Throwback to 1800s: Jamaica Plain’s Mary Morey, Pioneering Doctor

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On December 15, 1887, Dr. Mary Morey married Benjamin Pearson in Boston. Mary graduated from the BU School of Medicine two years earlier. They eventually moved to 45 Eliot Street.

View of Main Street in Colombo - the Grand Oriental Hotel is on the right.

Mary Morey was born in February of 1861 in Colombo, Sri Lanka (Ceylon). Her father William  (1837-1908) was a sea captain who had been born in Hampden, Maine. Her mother Francina Perrera (1837-1901) was from Colombo. William was appointed first United States Consul to Sri Lanka in 1873 and he served there until his death in 1908. “William was a very successful horse racer on Galle Face Green 1866-1873; he was an auctioneer, commission agent, and farrier.” (From Flower Road and family history by Richard Sherman)

William and Francine had 4 children; Mary was their eldest and only daughter.  She was followed by William (1864-1916), Thomas Prescott (1868-1937) and Elmer Lake (1870-1920). Elmer went  on to become the Vice and Deputy Consul to Sri Lanka on 5 April 1893, serving with his father. Thomas was a dentist in Brookline and William was an engineer spending much of his career in Washington DC. He was the chief engineer of the Alaskan topographical expedition in 1899 and oversaw secret map work of the War department in the Spanish-American  War.

We don’t know about Mary’s early life or education, but she graduated from the Boston University School of Medicine in 1885. BU’s School of Medicine was first founded in 1848 as the Boston Female Medical College (the name was later changed to the New England Female Medical College). It was the first all-female medical school in the world. In 1872, there had been a devastating fire and the school was nearly bankrupt when Boston University took over (and made their new medical school co-ed).

Mary married Benjamin Pearson on December 15, 1887, in Boston. Benjamin had left home in Hantsport, Nova Scotia sometime when he was a teen. He grew up in a household with a master shipbuilder father. George Nelson Person was purported to be “a cruel and unforgiving father.” Ben was able to live with his Uncle Jacob Pearson in Dorchester. Jacob had a thriving box-making business on Farnham Street in Roxbury. Ben honed his craft as a woodworker there on Farnham St.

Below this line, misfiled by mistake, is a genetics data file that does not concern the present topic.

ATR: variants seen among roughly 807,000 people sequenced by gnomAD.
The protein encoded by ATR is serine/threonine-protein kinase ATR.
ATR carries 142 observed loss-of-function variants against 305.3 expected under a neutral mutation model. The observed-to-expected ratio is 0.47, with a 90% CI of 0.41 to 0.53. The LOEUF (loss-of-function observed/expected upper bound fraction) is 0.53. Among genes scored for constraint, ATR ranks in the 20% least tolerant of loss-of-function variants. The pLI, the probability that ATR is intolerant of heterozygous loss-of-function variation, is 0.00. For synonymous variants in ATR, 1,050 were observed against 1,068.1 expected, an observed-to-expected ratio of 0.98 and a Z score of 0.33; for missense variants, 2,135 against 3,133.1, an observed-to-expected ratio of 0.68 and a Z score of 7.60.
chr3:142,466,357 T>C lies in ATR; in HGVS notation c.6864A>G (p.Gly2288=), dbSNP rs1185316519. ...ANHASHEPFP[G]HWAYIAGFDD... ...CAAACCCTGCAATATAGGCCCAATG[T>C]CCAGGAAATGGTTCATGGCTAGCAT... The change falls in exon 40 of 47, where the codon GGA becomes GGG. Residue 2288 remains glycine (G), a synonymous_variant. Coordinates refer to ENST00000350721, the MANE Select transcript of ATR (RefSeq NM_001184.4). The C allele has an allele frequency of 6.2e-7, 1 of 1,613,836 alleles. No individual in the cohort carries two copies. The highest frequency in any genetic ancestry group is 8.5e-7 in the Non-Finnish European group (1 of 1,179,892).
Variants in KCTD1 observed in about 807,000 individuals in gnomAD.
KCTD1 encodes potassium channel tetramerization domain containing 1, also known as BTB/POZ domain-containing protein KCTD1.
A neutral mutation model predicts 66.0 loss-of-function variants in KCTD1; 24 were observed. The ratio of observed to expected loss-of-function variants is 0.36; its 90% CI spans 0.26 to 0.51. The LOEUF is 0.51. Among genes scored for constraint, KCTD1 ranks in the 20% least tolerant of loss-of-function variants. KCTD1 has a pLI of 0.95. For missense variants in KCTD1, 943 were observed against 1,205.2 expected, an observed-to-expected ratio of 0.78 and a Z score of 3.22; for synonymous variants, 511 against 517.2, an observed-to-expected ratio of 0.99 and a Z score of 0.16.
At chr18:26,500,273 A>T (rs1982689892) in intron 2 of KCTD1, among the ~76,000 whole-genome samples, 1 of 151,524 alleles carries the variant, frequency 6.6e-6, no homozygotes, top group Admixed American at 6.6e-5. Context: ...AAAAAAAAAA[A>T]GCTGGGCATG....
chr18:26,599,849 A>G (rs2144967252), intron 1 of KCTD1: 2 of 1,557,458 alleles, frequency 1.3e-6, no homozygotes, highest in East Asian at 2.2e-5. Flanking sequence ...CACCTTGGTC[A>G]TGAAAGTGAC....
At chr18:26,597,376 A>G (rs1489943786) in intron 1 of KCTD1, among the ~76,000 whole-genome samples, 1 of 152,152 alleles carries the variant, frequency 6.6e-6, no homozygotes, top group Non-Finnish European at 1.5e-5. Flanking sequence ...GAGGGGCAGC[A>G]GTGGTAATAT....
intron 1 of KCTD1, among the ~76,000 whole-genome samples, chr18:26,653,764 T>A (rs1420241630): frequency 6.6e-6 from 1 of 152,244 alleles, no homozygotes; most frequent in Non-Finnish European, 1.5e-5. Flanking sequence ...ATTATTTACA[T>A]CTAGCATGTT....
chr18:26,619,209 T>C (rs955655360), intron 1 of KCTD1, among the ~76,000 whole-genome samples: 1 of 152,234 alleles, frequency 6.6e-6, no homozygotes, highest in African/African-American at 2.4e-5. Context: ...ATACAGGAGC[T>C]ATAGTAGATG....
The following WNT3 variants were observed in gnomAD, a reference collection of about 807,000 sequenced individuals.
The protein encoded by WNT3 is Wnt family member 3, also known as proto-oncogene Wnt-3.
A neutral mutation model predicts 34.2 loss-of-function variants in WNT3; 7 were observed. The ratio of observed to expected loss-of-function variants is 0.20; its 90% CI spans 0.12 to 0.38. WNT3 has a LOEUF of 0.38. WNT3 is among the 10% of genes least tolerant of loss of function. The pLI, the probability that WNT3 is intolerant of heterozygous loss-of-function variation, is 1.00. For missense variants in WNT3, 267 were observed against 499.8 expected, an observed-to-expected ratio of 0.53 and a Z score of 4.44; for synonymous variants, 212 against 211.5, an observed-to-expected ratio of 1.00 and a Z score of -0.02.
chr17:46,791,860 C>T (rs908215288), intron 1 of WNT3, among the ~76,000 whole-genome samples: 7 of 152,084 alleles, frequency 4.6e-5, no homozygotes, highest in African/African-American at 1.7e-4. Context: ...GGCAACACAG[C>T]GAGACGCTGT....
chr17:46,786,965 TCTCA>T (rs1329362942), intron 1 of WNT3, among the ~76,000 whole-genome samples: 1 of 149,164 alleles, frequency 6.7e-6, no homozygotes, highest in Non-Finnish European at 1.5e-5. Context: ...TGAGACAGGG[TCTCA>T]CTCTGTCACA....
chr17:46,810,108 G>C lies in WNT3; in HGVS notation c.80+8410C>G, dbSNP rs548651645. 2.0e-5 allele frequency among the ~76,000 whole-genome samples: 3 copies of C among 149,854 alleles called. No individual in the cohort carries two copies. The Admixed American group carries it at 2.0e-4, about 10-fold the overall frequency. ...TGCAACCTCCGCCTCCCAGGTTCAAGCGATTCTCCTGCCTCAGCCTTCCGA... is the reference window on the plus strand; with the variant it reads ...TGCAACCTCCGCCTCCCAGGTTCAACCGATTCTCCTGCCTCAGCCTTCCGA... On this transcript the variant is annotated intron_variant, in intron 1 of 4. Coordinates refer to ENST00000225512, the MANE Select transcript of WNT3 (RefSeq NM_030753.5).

In 1891 Mary organized a fundraiser to support the new Homeopathic Dispensary at the Boston University School of Medicine.  She seems to have leaned strongly towards the homeopathic field of medicine throughout her career. Mary became the Medical Director of the American Benefit Society in 1902. Her husband Ben was appointed to the Committee on Appeals and Grievances for the same fraternal organization. By 1907 Benjamin owned his own mill. His mill was one of a few that had established new union wages and conditions. His business was added to the Carpenters District Council‘s "banned list" against union carpenters and woodworkers who went on strike at 7 mills, including Benjamin’s.

By 1910 Ben and Mary had purchased a home at 45 Eliot Street in Jamaica Plain and they lived here for the rest of their lives. In 1913 Mary was elected Supreme Medical Director of the American Benefit Society.

In the late summer of 1912, it appears Mary was subjected to an alleged incidence of racism. Her husband Ben was put on trial for beating up a member of the Benefit Society who purportedly called Mary racist names.

By 1918 we find Mary listed as the President of the American Benefit Society and she was a member of the Advisory Council of the National Woman’s Liberty Loan Program. Liberty Bonds, also known as Liberty Loans, were introduced in the United States in 1918 and were sold to support Allied war efforts during World War I. The idea that this investment could create financial security for citizens was a novel one and subscribing to them became a symbol of patriotic duty.

In 1924 Ben was once again defending Mary’s honor, and not making friends with his neighbors at the same time. It seemed that over the years Ben displayed a temperament not unlike that of his father’s. He was arraigned in the West Roxbury Court on a charge of being a common railer and brawler. He was accused of losing his temper when a dog ran into their flower garden. His defense was that Mary was very afraid of dogs and he needed to defend their property. Several neighbors testified against him, the judge continued the case hoping peace and cooperation might prevail.

In their later years Mary and Ben spent a lot of time in Bermuda according to family stories. They never had children of their own and left a lot of their wealth to Ben’s nieces and nephews; children of his brothers Abijah, also of Boston and Will who had kept the family farm going back in Nova Scotia. We do not know about the relationships they had with Mary’s family.

Mary died on August 12, 1931 in JP at the age of 70, and was buried in her father’s hometown of Hampden, Maine.

Mary in her later years, in the yard at 45 Eliot Street.

This article was originally contributed by Heather Miller in August 2021 to the Jamaica Plain Historical Society and has been republished here with the JPHS' permission. (Heather is a descendant of the Pearson family)